Check these entries:

http://angelinem.wordpress.com

http://graciebinoya.com

http://watchingthephotoreels.com

http://ayearinmyshoes.wordpress.com

http://nosteptooloose.wordpress.com/2013/03/26/iphoneography-monday-abstract/

http://zimmerbitch.wordpress.com/2013/03/26/iphoneography-monday-abstract/

http://rfljenksy.wordpress.com

http://acrossthebored.com/2013/03/26/iphoneography-monday-challengers-choice/

http://zimmerbitch.wordpress.com/2013/03/28/iphoneography-monday-abstract-2

http://mrfauxtography.wordpress.com

Note: As always I welcome comments about this post or any part of my blog. The following is a reminder of the weekly schedule and themes for upcoming challenges. 

1st Monday: Nature

2nd Monday: Macro

3rd Monday: Black-and-White

4th and 5th Mondays: Challenger’s Choice (Pick One: Abstraction, Architecture, Food Photography, Night Photography, Portraiture, Still Life, Street Photography, and Travel)

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This entry was posted in Black-and-White Photography, Human Nature, Mobile Photography, Photography, Writing and tagged , , , . Bookmark the permalink.

42 Responses to iPhoneography Monday: Abstract

  1. Pingback: Sextape | Fio Fieri Factus

  2. Amazing how much technology opens up our creativity.

  3. …and yet another reason that perhaps I will get an iPhone 🙂 Love the textural quality in shot #3

  4. ideflex says:

    A little still life to light up the end of the day – please have a look at
    http://acrossthebored.com/2013/03/26/iphoneography-monday-challengers-choice/

  5. Pingback: iPhoneography Monday: Challenger’s Choice | Across the Bored

  6. Pingback: iPhoneography Monday: Night Photography | rfljenksy – Practicing Simplicity

  7. Very artistic abstract images. I am a fan of anything abstract. To me, it is something that makes me ask why. Something that stirs my curiosity. Even something that continually evolves depending on how the viewer interprets the subject.

  8. Here goes my input to Mondays Theme: http://wp.me/p3galV-eU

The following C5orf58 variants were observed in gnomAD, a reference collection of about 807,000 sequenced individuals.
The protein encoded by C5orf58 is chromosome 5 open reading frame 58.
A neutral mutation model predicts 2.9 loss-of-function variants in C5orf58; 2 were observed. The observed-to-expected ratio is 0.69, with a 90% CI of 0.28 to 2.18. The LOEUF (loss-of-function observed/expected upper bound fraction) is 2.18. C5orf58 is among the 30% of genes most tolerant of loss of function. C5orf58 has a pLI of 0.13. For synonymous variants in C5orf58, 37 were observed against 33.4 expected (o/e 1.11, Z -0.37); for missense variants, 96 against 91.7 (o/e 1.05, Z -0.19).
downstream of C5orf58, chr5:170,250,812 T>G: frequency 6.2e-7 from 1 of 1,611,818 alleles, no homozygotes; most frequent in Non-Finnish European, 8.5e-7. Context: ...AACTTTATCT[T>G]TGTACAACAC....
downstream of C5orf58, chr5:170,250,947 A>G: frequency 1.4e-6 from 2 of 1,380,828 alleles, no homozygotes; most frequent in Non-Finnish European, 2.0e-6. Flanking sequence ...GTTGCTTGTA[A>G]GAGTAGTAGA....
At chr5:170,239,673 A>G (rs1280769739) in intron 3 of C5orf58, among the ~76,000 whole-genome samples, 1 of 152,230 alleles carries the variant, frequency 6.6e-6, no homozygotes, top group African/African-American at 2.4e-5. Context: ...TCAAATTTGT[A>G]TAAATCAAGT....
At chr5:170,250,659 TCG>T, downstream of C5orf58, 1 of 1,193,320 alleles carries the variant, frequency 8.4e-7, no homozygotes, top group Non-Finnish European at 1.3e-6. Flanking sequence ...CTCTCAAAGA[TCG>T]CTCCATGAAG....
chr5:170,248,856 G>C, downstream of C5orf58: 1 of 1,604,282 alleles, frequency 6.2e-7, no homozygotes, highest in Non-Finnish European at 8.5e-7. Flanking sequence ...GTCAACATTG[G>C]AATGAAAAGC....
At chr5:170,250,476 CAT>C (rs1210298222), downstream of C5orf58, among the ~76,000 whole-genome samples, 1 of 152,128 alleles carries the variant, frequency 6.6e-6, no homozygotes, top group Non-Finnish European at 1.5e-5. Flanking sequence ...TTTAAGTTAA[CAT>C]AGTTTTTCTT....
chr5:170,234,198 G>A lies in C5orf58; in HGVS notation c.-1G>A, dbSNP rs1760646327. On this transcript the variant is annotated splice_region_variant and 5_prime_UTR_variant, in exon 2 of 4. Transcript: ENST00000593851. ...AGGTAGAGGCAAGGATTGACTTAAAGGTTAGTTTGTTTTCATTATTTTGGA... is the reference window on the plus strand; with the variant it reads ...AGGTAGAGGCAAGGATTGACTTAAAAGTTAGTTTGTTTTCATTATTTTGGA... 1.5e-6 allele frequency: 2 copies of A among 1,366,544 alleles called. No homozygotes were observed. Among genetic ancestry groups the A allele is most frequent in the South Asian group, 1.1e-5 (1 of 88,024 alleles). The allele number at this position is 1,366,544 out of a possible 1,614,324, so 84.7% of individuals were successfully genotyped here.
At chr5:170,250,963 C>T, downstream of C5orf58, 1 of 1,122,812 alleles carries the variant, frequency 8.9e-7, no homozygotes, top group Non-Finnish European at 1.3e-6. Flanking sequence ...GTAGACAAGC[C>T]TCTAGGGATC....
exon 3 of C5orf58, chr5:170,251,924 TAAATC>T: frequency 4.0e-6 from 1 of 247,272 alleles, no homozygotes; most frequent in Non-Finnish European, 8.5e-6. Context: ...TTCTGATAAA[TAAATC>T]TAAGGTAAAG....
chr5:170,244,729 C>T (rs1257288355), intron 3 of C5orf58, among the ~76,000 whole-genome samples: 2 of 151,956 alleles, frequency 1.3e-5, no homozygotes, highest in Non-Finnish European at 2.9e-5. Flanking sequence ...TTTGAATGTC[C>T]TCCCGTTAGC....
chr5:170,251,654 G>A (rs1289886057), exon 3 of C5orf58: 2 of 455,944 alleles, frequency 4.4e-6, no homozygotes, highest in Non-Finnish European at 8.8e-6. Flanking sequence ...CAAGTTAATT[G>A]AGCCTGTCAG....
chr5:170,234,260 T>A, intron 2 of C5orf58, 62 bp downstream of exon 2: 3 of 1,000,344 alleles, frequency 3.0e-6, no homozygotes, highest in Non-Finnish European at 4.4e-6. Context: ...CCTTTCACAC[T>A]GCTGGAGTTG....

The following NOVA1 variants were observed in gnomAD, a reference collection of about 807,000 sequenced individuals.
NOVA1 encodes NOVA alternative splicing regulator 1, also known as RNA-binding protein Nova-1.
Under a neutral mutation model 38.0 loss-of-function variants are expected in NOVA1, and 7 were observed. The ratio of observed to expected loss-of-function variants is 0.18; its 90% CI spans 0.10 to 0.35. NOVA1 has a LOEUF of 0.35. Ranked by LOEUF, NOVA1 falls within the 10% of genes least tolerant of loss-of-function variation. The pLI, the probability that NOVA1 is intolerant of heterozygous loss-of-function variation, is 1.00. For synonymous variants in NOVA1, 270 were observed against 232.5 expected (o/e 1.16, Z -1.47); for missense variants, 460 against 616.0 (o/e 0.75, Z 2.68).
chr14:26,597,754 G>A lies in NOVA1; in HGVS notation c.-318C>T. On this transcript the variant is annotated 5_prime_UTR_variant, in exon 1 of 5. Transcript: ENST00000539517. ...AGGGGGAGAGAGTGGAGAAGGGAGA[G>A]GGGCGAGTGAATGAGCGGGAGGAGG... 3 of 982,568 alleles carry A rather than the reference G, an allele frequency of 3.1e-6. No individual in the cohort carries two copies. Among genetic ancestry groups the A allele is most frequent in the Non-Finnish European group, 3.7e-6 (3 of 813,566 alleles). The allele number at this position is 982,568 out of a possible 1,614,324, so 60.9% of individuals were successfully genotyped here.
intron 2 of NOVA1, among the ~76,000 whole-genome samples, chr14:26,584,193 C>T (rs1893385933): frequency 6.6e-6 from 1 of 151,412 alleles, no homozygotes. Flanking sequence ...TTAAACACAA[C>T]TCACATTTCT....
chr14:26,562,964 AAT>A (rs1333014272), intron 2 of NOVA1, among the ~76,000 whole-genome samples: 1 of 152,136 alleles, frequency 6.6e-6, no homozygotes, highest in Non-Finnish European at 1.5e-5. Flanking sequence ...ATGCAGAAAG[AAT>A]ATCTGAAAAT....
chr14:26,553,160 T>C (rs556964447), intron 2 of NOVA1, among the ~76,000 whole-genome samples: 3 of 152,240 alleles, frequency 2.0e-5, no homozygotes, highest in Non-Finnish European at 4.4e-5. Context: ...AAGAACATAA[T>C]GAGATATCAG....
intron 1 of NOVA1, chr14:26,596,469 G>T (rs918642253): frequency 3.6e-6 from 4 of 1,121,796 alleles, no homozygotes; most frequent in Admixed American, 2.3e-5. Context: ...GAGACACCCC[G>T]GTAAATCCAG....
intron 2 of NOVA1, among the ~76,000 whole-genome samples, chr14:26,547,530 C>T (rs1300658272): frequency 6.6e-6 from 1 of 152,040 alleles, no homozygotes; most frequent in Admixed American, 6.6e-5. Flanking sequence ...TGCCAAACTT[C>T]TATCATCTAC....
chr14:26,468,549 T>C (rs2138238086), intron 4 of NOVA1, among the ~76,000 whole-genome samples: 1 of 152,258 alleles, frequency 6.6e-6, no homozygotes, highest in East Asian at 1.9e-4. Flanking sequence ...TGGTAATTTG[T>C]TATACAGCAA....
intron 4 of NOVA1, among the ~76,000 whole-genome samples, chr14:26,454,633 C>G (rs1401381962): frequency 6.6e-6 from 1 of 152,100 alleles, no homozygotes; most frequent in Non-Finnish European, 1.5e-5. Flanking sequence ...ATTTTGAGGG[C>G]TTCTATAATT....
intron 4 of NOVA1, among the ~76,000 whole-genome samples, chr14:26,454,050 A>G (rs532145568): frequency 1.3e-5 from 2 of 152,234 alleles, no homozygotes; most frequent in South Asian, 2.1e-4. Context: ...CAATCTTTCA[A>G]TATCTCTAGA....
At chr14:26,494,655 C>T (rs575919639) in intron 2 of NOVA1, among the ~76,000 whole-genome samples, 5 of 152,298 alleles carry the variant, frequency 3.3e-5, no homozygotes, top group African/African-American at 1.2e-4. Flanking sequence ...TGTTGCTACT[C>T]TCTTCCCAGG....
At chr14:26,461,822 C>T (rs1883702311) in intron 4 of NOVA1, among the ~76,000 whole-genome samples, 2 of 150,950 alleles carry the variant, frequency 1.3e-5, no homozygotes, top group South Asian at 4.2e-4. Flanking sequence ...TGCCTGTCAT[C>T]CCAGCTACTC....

9. Gallivanta says:

    I like the 4th photo the best. I am not so sure about abstract and these days that is largely to do with my eyes. It is probably a very good exercise for them to focus on abstracts but I really like things to be sharp in outline. Without my glasses, much of the world looks abstract and it’s bothersome. I do like the colour in the second photo. Very rich colour.

  10. Su Leslie says:

    Awesome idea; it’s made me actually go and find an editor for my iPhone photos. Too much fun and another way to spend time that I was meant to use doing something else ….. oh well. http://zimmerbitch.wordpress.com/2013/03/26/iphoneography-monday-abstract/

  11. marialla says:

    I can’t say I so like or really understand abstract stuff so much but I like the 3rd picture the best. Thank you.

  12. livvy30 says:

    Lovely abstract shots. I really like the black and white…as always! http://ayearinmyshoes.wordpress.com/2013/03/25/iphonography-monday-abstract/

  13. Pingback: iPhonography Monday: Abstract | A year in the Life

  14. I absolutely love abstracts. I love how disoriented the viewer is when observing an abstract photo. It’s a whole new world and way of seeing the world, as you were explaining. These are great. My favorite would have to be number 4. I just love how design dominates the composition at an unexpected angle. And it looks lovely too in black and white, I might add. Great work and post 🙂

  15. Great post again full of ideas. Number 1 is my favourite as I find it very balanced and peaceful.

  16. wisejourney says:

    The 4th one is my favourite. It makes me think of speed in a way the others don’t. They give me time to think. This one has me on my toes.

  17. Gracie says:

    Nice shots, Sally!

  18. Pingback: iPhoneography Monday: Night Photography | Frames & Focus

  19. Pingback: iPhoneography Monday: Abstract | AngelineM's Blog